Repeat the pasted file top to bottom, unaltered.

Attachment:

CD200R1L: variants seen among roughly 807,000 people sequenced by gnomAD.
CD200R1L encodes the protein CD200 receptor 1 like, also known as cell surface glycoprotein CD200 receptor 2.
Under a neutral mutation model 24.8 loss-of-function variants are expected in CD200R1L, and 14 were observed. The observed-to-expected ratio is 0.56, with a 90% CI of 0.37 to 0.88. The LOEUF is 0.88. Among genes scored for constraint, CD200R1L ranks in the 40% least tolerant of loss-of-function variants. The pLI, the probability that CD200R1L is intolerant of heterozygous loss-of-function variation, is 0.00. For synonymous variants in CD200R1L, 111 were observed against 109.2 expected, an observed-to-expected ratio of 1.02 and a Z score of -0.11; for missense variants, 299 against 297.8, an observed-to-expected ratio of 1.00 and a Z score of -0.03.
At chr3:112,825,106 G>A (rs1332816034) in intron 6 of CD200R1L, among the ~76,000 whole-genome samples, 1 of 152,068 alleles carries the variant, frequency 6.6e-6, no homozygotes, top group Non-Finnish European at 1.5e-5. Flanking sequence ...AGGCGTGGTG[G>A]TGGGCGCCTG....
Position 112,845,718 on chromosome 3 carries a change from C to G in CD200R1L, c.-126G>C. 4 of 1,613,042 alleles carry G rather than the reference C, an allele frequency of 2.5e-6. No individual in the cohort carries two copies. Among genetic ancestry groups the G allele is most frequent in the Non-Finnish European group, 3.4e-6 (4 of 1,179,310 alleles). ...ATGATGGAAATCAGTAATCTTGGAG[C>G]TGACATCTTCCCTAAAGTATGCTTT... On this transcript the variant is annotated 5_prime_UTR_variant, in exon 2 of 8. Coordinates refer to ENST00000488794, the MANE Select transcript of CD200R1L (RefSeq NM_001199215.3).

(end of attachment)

CD200R1L: variants seen among roughly 807,000 people sequenced by gnomAD.
CD200R1L encodes the protein CD200 receptor 1 like, also known as cell surface glycoprotein CD200 receptor 2.
Under a neutral mutation model 24.8 loss-of-function variants are expected in CD200R1L, and 14 were observed. The observed-to-expected ratio is 0.56, with a 90% CI of 0.37 to 0.88. The LOEUF is 0.88. Among genes scored for constraint, CD200R1L ranks in the 40% least tolerant of loss-of-function variants. The pLI, the probability that CD200R1L is intolerant of heterozygous loss-of-function variation, is 0.00. For synonymous variants in CD200R1L, 111 were observed against 109.2 expected, an observed-to-expected ratio of 1.02 and a Z score of -0.11; for missense variants, 299 against 297.8, an observed-to-expected ratio of 1.00 and a Z score of -0.03.
At chr3:112,825,106 G>A (rs1332816034) in intron 6 of CD200R1L, among the ~76,000 whole-genome samples, 1 of 152,068 alleles carries the variant, frequency 6.6e-6, no homozygotes, top group Non-Finnish European at 1.5e-5. Flanking sequence ...AGGCGTGGTG[G>A]TGGGCGCCTG....
Position 112,845,718 on chromosome 3 carries a change from C to G in CD200R1L, c.-126G>C. 4 of 1,613,042 alleles carry G rather than the reference C, an allele frequency of 2.5e-6. No individual in the cohort carries two copies. Among genetic ancestry groups the G allele is most frequent in the Non-Finnish European group, 3.4e-6 (4 of 1,179,310 alleles). ...ATGATGGAAATCAGTAATCTTGGAG[C>G]TGACATCTTCCCTAAAGTATGCTTT... On this transcript the variant is annotated 5_prime_UTR_variant, in exon 2 of 8. Coordinates refer to ENST00000488794, the MANE Select transcript of CD200R1L (RefSeq NM_001199215.3).